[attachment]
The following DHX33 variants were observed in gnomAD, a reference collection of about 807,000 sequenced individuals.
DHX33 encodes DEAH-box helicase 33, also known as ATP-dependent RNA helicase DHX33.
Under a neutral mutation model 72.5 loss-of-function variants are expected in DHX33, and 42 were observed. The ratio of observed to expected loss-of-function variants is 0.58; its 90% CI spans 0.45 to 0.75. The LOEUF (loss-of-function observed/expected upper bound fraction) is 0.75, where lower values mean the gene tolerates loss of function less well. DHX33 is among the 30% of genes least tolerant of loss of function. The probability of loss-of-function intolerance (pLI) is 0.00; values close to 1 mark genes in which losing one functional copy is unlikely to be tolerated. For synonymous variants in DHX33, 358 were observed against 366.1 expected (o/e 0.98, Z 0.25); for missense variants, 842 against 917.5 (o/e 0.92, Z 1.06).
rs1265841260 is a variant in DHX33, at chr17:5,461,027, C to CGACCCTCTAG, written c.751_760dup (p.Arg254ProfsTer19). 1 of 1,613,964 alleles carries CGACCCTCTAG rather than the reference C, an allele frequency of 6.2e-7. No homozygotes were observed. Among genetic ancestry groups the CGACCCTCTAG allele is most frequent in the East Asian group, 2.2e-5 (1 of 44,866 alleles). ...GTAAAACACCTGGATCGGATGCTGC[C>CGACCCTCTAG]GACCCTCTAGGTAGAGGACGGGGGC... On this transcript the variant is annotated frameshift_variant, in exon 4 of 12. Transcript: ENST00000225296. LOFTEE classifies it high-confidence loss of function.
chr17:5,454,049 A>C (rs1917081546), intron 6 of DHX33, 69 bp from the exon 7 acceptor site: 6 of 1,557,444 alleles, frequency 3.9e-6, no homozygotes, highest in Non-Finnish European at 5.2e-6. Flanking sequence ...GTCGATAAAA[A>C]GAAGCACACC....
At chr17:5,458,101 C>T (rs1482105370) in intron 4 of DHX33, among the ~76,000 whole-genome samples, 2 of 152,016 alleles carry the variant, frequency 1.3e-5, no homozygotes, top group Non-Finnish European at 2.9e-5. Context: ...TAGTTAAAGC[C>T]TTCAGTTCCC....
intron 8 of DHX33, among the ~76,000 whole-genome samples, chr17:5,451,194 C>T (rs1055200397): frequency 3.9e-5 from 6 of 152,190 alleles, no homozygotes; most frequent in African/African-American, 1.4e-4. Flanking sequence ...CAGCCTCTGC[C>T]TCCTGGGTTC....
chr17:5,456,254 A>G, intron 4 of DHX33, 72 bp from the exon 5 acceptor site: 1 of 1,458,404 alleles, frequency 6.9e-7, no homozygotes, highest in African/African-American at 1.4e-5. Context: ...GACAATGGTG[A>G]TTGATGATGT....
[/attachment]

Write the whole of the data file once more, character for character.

The following DHX33 variants were observed in gnomAD, a reference collection of about 807,000 sequenced individuals.
DHX33 encodes DEAH-box helicase 33, also known as ATP-dependent RNA helicase DHX33.
Under a neutral mutation model 72.5 loss-of-function variants are expected in DHX33, and 42 were observed. The ratio of observed to expected loss-of-function variants is 0.58; its 90% CI spans 0.45 to 0.75. The LOEUF (loss-of-function observed/expected upper bound fraction) is 0.75, where lower values mean the gene tolerates loss of function less well. DHX33 is among the 30% of genes least tolerant of loss of function. The probability of loss-of-function intolerance (pLI) is 0.00; values close to 1 mark genes in which losing one functional copy is unlikely to be tolerated. For synonymous variants in DHX33, 358 were observed against 366.1 expected (o/e 0.98, Z 0.25); for missense variants, 842 against 917.5 (o/e 0.92, Z 1.06).
rs1265841260 is a variant in DHX33, at chr17:5,461,027, C to CGACCCTCTAG, written c.751_760dup (p.Arg254ProfsTer19). 1 of 1,613,964 alleles carries CGACCCTCTAG rather than the reference C, an allele frequency of 6.2e-7. No homozygotes were observed. Among genetic ancestry groups the CGACCCTCTAG allele is most frequent in the East Asian group, 2.2e-5 (1 of 44,866 alleles). ...GTAAAACACCTGGATCGGATGCTGC[C>CGACCCTCTAG]GACCCTCTAGGTAGAGGACGGGGGC... On this transcript the variant is annotated frameshift_variant, in exon 4 of 12. Transcript: ENST00000225296. LOFTEE classifies it high-confidence loss of function.
chr17:5,454,049 A>C (rs1917081546), intron 6 of DHX33, 69 bp from the exon 7 acceptor site: 6 of 1,557,444 alleles, frequency 3.9e-6, no homozygotes, highest in Non-Finnish European at 5.2e-6. Flanking sequence ...GTCGATAAAA[A>C]GAAGCACACC....
At chr17:5,458,101 C>T (rs1482105370) in intron 4 of DHX33, among the ~76,000 whole-genome samples, 2 of 152,016 alleles carry the variant, frequency 1.3e-5, no homozygotes, top group Non-Finnish European at 2.9e-5. Context: ...TAGTTAAAGC[C>T]TTCAGTTCCC....
intron 8 of DHX33, among the ~76,000 whole-genome samples, chr17:5,451,194 C>T (rs1055200397): frequency 3.9e-5 from 6 of 152,190 alleles, no homozygotes; most frequent in African/African-American, 1.4e-4. Flanking sequence ...CAGCCTCTGC[C>T]TCCTGGGTTC....
chr17:5,456,254 A>G, intron 4 of DHX33, 72 bp from the exon 5 acceptor site: 1 of 1,458,404 alleles, frequency 6.9e-7, no homozygotes, highest in African/African-American at 1.4e-5. Context: ...GACAATGGTG[A>G]TTGATGATGT....